Associations among body composition, inflammatory profile and disease extent in ulcerative colitis patients.

Revista da Associacao Medica Brasileira (1992). 2018;64(2):133-139

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Plain language summary

Ulcerative colitis (UC) is a long term chronic condition where the large intestine becomes inflamed. Though nutritional status is associated with disease severity, the nutritional status of patients during clinical remission (the period when symptoms disappear) is unclear. Therefore, the aim of this study was to assess the association of different nutritional biomarkers of patients with UC during clinical remission. This was a cross sectional study, consisting of 61 subjects where patients were assessed according to the clinical course of disease, body composition and inflammatory profile. The authors concluded that subjects with UC in clinical remission do not present impairment of nutritional status. Despite the limitations in this study, considering that this study is first of its kind, the result of the study warrants further investigation.

Abstract

OBJECTIVE The aim of our study was to assess body composition status and its association with inflammatory profile and extent of intestinal damage in ulcerative colitis patients during clinical remission. METHOD This is a cross-sectional study in which body composition data (phase angle [PhA], fat mass [FM], triceps skin fold thickness [TSFt], mid-arm circumference [MAC], mid-arm muscle circumference [MAMC], adductor pollicis muscle thickness [APMt]), inflammatory profile (C-reactive protein [CRP], a1-acid glycoprotein, erythrocyte sedimentation rate [ESR]) and disease extent were recorded. RESULTS The mean age of the 59 patients was 48.1 years; 53.3% were women. Most patients were in clinical remission (94.9%) and 3.4% was malnourished according to body mass index. PhA was inversely correlated with inflammatory markers such as CRP (R=-0.59; p<0.001) and ESR (R=-0.46; p<0.001) and directly correlated with lean mass: MAMC (R=0.31; p=0.01) and APMt (R=0.47; p<0.001). Lean mass was inversely correlated with non-specific inflammation marker (APMt vs. ESR) and directly correlated with hemoglobin values (MAMC vs. hemoglobin). Logistic regression analysis revealed that body cell mass was associated with disease extent (OR 0.92; 95CI 0.87-0.97; p<0.01). CONCLUSION PhA was inversely correlated with inflammatory markers and directly correlated with lean mass. Acute inflammatory markers were correlated with disease extent. Body cell mass was associated with disease extent.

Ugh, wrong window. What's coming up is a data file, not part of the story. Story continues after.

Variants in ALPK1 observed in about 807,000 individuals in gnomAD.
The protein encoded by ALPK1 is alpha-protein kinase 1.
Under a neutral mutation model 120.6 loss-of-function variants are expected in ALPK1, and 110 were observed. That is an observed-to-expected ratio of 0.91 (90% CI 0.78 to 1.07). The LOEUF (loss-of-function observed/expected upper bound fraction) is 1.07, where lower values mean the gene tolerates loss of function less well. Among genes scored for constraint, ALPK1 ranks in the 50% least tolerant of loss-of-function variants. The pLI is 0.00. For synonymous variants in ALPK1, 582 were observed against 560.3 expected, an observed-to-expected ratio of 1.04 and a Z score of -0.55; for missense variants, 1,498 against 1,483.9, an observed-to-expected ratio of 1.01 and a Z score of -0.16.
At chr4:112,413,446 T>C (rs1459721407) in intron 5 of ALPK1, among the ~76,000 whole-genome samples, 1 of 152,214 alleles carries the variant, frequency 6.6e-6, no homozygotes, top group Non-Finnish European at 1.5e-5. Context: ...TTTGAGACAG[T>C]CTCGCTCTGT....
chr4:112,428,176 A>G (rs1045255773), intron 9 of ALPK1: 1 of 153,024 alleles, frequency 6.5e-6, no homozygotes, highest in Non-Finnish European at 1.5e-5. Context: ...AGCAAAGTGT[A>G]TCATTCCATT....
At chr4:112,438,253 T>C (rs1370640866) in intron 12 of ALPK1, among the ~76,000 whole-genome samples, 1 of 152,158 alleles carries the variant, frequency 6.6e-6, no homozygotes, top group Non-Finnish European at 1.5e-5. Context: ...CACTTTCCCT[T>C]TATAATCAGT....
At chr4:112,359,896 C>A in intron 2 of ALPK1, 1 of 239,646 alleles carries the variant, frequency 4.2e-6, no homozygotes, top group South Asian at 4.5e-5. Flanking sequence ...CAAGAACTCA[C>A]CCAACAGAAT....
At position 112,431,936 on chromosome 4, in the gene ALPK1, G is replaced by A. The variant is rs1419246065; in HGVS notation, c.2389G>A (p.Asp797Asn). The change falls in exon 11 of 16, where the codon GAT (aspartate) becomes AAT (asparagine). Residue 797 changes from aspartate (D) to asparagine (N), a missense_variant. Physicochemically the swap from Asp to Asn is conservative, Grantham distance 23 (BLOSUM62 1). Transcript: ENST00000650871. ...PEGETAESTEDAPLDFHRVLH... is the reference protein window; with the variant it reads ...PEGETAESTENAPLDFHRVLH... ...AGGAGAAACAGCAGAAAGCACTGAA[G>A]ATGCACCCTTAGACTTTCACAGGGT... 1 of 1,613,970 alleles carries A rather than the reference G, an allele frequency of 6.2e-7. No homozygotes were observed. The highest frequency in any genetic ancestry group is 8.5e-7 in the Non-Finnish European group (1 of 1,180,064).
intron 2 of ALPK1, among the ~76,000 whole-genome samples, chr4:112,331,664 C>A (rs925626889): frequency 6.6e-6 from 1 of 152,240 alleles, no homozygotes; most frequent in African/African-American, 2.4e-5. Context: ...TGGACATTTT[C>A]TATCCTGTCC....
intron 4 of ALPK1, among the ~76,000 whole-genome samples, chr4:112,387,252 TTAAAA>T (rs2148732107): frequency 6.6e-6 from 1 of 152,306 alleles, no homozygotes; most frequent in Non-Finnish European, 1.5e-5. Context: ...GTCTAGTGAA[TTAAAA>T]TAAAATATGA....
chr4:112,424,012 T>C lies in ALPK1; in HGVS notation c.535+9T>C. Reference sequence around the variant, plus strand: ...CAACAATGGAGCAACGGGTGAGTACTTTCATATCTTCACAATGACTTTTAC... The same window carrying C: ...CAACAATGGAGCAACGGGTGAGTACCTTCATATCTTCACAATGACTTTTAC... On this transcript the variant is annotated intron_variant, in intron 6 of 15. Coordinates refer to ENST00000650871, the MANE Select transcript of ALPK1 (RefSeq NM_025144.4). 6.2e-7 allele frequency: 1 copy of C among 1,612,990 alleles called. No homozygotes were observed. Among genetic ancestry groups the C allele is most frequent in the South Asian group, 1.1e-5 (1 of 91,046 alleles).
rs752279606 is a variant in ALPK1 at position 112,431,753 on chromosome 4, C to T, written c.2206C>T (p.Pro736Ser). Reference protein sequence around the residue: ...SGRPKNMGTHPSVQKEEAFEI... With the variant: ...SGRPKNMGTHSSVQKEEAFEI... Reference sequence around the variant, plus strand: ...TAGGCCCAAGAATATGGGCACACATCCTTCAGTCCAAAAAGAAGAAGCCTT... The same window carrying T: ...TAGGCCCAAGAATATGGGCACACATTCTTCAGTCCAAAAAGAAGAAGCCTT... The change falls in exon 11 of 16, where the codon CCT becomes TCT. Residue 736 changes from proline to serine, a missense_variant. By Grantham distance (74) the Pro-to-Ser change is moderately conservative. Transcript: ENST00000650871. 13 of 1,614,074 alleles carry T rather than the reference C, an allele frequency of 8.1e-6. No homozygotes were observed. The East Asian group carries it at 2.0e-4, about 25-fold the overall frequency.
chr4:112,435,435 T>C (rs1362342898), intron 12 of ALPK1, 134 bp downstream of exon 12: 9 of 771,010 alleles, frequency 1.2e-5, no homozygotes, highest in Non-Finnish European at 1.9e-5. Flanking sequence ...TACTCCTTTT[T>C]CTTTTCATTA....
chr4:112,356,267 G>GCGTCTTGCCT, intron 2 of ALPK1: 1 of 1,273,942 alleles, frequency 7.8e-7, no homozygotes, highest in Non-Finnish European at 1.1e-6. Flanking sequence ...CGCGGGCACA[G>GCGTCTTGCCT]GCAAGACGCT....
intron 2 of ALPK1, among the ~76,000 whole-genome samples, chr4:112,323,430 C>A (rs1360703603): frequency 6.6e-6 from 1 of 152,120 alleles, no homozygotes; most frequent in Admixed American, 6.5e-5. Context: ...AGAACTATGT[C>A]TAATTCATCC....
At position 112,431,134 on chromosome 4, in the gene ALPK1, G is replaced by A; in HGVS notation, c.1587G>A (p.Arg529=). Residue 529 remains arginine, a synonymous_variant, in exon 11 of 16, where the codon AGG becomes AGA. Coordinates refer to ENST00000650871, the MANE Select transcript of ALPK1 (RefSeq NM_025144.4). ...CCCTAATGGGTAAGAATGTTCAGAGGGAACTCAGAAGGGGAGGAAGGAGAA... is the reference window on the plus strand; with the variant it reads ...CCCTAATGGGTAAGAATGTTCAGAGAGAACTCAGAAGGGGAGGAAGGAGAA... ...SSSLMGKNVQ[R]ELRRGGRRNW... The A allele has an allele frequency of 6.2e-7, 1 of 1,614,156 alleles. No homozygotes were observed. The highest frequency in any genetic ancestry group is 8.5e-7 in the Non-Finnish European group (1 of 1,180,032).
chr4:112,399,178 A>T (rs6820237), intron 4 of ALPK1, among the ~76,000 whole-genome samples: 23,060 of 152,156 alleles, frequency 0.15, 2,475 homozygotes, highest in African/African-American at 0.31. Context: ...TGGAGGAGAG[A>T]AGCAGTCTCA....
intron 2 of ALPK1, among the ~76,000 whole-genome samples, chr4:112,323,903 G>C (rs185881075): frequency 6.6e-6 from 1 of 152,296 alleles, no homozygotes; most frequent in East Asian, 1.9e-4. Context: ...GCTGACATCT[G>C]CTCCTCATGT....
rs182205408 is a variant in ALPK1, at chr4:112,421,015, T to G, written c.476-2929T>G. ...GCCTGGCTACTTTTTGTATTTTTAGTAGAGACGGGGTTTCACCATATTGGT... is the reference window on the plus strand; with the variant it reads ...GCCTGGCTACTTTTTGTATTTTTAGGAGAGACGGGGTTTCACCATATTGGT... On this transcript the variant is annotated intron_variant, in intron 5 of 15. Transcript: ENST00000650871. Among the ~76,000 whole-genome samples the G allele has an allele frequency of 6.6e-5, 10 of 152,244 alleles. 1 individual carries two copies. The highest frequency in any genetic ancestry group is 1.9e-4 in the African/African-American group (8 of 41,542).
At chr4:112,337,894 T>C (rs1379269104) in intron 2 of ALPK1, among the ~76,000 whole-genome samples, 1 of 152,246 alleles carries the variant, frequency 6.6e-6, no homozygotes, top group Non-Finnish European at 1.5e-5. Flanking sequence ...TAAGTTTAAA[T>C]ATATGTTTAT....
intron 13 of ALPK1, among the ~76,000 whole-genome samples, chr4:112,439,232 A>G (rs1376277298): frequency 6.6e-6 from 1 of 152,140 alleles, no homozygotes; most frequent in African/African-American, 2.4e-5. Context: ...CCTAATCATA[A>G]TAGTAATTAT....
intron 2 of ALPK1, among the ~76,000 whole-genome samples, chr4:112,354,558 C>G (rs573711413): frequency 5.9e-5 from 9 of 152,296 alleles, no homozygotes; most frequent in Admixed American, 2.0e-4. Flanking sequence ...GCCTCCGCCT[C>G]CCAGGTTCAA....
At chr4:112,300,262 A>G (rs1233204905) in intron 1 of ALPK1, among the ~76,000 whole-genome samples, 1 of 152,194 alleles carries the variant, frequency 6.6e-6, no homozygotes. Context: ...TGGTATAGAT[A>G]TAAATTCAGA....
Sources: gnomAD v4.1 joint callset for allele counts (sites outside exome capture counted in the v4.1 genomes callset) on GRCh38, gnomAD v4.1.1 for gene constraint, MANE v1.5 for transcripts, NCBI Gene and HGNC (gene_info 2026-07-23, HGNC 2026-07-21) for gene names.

Functional medicine

Patient Centred Factors : Triggers/Nutritional status
Environmental Inputs : Diet ; Nutrients
Personal Lifestyle Factors : Nutrition
Functional Laboratory Testing : Blood

Methodological quality

Allocation concealment : Not applicable
Publication Type : Journal Article

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